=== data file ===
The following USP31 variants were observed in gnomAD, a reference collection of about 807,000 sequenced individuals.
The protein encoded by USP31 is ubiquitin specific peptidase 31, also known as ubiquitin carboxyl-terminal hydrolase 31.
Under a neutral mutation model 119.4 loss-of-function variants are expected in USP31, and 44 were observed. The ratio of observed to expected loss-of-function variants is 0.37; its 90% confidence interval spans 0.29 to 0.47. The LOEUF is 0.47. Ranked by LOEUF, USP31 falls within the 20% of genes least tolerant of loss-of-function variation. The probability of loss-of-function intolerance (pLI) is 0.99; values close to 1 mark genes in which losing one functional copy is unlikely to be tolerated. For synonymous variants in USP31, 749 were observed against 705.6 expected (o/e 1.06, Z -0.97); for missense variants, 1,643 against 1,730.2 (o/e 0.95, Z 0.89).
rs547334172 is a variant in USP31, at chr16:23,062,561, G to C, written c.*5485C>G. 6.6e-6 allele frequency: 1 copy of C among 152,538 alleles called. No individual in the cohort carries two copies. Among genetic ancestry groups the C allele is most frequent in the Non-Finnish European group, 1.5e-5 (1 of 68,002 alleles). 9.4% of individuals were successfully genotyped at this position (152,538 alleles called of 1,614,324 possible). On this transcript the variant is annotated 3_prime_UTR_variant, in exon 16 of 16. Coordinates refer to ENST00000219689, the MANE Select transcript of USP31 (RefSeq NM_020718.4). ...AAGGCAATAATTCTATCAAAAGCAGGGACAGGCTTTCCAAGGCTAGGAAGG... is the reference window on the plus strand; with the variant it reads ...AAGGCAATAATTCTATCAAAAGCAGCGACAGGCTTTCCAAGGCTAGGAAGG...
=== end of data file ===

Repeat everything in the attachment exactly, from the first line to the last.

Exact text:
The following USP31 variants were observed in gnomAD, a reference collection of about 807,000 sequenced individuals.
The protein encoded by USP31 is ubiquitin specific peptidase 31, also known as ubiquitin carboxyl-terminal hydrolase 31.
Under a neutral mutation model 119.4 loss-of-function variants are expected in USP31, and 44 were observed. The ratio of observed to expected loss-of-function variants is 0.37; its 90% confidence interval spans 0.29 to 0.47. The LOEUF is 0.47. Ranked by LOEUF, USP31 falls within the 20% of genes least tolerant of loss-of-function variation. The probability of loss-of-function intolerance (pLI) is 0.99; values close to 1 mark genes in which losing one functional copy is unlikely to be tolerated. For synonymous variants in USP31, 749 were observed against 705.6 expected (o/e 1.06, Z -0.97); for missense variants, 1,643 against 1,730.2 (o/e 0.95, Z 0.89).
rs547334172 is a variant in USP31, at chr16:23,062,561, G to C, written c.*5485C>G. 6.6e-6 allele frequency: 1 copy of C among 152,538 alleles called. No individual in the cohort carries two copies. Among genetic ancestry groups the C allele is most frequent in the Non-Finnish European group, 1.5e-5 (1 of 68,002 alleles). 9.4% of individuals were successfully genotyped at this position (152,538 alleles called of 1,614,324 possible). On this transcript the variant is annotated 3_prime_UTR_variant, in exon 16 of 16. Coordinates refer to ENST00000219689, the MANE Select transcript of USP31 (RefSeq NM_020718.4). ...AAGGCAATAATTCTATCAAAAGCAGGGACAGGCTTTCCAAGGCTAGGAAGG... is the reference window on the plus strand; with the variant it reads ...AAGGCAATAATTCTATCAAAAGCAGCGACAGGCTTTCCAAGGCTAGGAAGG...